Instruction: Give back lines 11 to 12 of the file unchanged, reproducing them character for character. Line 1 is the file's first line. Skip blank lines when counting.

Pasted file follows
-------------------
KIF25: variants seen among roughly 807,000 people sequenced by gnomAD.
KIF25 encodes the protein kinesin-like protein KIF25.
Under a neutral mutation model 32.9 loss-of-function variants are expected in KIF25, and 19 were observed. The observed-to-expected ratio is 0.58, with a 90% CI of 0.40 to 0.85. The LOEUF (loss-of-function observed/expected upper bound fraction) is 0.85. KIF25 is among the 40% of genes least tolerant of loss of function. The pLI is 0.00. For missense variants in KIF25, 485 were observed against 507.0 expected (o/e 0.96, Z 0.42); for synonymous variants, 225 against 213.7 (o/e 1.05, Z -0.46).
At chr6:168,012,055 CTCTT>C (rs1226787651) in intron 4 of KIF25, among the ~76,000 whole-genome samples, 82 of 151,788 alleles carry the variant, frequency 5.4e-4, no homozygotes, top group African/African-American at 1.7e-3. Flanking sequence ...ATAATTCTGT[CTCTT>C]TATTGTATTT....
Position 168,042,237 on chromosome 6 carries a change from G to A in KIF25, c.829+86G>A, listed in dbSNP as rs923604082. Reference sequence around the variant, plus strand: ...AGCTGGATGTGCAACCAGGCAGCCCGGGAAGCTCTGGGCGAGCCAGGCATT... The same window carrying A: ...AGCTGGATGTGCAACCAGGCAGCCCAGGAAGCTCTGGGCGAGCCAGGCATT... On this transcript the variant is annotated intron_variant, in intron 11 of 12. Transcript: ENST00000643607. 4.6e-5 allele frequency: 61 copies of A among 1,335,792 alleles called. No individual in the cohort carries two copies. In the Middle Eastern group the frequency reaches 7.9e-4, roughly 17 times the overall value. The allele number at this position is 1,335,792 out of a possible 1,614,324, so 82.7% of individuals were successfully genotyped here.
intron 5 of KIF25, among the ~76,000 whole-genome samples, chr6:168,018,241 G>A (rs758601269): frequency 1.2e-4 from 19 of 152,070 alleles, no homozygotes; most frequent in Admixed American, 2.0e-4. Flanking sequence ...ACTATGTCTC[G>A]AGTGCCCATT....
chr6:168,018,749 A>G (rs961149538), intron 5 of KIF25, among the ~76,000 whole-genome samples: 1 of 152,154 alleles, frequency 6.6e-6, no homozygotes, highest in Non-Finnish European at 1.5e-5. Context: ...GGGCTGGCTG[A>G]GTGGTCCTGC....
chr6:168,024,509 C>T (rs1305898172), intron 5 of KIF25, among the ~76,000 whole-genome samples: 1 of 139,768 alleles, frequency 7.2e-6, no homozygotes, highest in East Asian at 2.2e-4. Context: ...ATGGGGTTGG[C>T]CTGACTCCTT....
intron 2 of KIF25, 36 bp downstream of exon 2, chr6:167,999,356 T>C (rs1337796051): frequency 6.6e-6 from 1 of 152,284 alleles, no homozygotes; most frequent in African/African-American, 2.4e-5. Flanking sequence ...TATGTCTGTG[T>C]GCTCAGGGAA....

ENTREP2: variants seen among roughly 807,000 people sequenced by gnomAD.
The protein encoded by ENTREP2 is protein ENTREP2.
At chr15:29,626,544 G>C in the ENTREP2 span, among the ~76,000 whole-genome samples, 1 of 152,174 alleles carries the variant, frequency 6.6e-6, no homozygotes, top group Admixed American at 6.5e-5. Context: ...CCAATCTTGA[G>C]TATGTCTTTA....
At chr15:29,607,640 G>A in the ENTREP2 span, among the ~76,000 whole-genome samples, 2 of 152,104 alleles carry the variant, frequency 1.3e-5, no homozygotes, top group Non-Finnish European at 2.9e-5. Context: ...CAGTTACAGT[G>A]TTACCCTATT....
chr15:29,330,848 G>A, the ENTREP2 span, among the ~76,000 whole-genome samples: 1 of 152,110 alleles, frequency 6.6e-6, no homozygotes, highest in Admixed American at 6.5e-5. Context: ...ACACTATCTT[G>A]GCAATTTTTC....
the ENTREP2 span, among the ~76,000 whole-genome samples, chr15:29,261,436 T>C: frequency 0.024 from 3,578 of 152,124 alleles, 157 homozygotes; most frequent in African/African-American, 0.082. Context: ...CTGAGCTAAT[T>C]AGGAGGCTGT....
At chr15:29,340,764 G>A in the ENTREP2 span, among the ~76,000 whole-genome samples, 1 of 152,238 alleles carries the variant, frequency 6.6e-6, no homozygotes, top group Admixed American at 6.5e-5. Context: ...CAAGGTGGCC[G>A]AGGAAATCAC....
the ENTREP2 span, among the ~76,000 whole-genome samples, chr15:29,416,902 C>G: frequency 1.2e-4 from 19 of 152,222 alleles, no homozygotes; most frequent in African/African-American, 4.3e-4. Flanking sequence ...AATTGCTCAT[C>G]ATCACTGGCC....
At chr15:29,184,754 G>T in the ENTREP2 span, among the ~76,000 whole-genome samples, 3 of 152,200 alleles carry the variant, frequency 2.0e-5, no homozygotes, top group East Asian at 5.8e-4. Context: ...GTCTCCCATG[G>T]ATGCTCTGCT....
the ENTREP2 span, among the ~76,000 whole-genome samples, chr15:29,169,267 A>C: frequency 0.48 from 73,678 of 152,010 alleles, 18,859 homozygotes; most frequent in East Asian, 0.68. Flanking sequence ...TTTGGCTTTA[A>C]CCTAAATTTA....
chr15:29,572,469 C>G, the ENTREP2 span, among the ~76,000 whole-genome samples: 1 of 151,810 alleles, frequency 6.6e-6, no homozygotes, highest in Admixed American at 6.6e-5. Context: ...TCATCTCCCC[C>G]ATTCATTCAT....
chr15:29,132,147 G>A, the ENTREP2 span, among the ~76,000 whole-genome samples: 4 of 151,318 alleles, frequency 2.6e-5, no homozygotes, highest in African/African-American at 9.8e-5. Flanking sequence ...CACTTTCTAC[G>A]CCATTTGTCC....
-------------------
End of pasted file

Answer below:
The protein encoded by ENTREP2 is protein ENTREP2.
At chr15:29,626,544 G>C in the ENTREP2 span, among the ~76,000 whole-genome samples, 1 of 152,174 alleles carries the variant, frequency 6.6e-6, no homozygotes, top group Admixed American at 6.5e-5. Context: ...CCAATCTTGA[G>C]TATGTCTTTA....